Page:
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3 of 4 people found the following review helpful
4.0 out of 5 stars Good history of the alphabet
This is probably Drucker's most acessable book, as she she usually concentrates on very specialist areas. Here, everyone can enjoy what she has to say on the alphabet. She has a balance between informal and formal language, which enables you to judge the level of depth you are going into. It has large areas which are very easy to understand, and it is these which make...
Published on 29 May 2002

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9 of 10 people found the following review helpful
2.0 out of 5 stars must do better
The Alphabetic Labyrinth is a prime example of how *not* to research a book. Like the late E A Wallis Budge, Drucker has a habit of not double checking a source's facts; thus we're told that Ogham is a "Welsh" alphabet (it's an Irish cipher), that Runes and Ogham have never been found in the same area - never mind the same monument - (So what's the famous Killaloe...
Published on 15 Jan 2004 by Barbara R. Barrett


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9 of 10 people found the following review helpful
2.0 out of 5 stars must do better, 15 Jan 2004
By 
Barbara R. Barrett "maoriian" (berkshire) - See all my reviews
(REAL NAME)   
This review is from: The Alphabetic Labyrinth: The Letters in History and Imagination (Paperback)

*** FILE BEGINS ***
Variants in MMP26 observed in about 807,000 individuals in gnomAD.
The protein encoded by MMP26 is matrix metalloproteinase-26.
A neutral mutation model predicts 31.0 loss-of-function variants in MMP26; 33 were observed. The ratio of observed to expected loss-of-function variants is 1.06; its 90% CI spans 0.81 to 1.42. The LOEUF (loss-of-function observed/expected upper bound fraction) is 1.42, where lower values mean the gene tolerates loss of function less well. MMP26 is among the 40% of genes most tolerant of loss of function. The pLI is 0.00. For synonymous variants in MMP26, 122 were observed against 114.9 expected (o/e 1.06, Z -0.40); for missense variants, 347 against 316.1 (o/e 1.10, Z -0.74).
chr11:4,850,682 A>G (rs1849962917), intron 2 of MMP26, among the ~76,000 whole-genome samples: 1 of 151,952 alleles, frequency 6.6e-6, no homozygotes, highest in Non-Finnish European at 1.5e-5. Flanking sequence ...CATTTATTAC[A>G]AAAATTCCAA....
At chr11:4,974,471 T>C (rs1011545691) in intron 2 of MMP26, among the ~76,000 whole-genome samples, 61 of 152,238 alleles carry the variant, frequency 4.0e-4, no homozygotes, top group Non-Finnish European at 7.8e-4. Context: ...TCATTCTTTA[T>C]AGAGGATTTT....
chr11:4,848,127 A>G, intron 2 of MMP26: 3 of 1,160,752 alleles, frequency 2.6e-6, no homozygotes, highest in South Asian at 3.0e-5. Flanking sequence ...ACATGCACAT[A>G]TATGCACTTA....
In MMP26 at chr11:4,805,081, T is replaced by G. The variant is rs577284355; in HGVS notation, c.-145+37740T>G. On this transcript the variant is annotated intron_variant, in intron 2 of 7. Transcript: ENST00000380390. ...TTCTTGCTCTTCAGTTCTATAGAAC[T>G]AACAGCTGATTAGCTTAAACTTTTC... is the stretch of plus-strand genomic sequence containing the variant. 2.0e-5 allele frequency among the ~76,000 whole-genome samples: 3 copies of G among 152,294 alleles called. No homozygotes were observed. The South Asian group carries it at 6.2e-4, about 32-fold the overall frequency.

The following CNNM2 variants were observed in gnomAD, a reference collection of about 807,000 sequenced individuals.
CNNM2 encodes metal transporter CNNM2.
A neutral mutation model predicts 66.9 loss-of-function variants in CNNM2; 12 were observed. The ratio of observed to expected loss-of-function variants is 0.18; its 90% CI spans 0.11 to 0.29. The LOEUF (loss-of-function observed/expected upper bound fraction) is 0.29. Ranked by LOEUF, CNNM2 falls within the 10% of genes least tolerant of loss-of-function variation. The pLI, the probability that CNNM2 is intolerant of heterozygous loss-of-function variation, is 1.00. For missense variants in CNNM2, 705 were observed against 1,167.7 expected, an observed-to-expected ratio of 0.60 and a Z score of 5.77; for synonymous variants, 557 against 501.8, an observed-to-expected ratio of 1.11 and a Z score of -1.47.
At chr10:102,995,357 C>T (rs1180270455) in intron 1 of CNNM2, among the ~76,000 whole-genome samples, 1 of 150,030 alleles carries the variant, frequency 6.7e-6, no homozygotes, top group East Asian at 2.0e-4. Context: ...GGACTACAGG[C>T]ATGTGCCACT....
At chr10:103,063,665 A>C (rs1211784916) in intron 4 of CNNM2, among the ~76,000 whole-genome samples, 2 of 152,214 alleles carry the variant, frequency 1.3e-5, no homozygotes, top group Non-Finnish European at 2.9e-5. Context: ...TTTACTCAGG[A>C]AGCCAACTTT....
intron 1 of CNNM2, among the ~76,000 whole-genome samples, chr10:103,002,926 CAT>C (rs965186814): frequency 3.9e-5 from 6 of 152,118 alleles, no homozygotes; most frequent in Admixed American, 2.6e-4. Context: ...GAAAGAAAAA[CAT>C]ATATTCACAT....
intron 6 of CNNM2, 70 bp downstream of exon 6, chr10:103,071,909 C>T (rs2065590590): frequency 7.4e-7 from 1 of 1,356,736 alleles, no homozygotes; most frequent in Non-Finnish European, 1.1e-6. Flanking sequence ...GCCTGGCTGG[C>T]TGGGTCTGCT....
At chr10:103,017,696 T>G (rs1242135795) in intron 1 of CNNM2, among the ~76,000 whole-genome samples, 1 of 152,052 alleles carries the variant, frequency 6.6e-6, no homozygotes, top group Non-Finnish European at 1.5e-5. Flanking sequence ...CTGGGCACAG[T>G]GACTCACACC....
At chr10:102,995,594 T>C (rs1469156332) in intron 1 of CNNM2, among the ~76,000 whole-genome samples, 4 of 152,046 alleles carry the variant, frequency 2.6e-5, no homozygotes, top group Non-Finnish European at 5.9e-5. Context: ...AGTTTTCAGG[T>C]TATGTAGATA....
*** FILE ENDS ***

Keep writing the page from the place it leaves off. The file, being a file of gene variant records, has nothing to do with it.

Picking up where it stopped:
The Alphabetic Labyrinth is a prime example of how *not* to research a book. Like the late E A Wallis Budge, Drucker has a habit of not double checking a source's facts; thus we're told that Ogham is a "Welsh" alphabet (it's an Irish cipher), that Runes and Ogham have never been found in the same area - never mind the same monument - (So what's the famous Killaloe Rune/Ogham Stone then; Irish mist?), and the "Roger Bacon Cipher" (better known as the Voynich Manuscript) was deciphered by Prof Leonell Strong (his 'decipherment' was discredited decades ago; The Voynich Manuscript remains undeciphered to this day).
Historical personalities suffer from factual errors too. There are too many to mention them all but a typical example is Drucker telling the reader that Charlemagne's "illiteracy" is a "well established fact"; whereas his contemporary biographer, Alcuin of York, did say that Charlemagne never mastered his letters, but he also said Charlemagne could "speak Latin and read Greek": Dyslexic maybe, but illiterate; an opinion at best and most certainly not a well established fact.
Drucker doesn't double check her sources so their mistakes become hers, and as a result everything she says must be taken with a large dose of scepticism. This is a pity, not only because of the book's first class typography and excellent illustrations, but also because of the sections on the more esoteric and occult uses of alphabets are very interesting indeed, and Drucker is a good writer who's enthusiasm is put across with clarity and wit. In spite of its failings it is a very good and entertaining read, and worth buying for that alone - but alas not to be trusted in its conclusions, facts, or used as an authoritive reference work.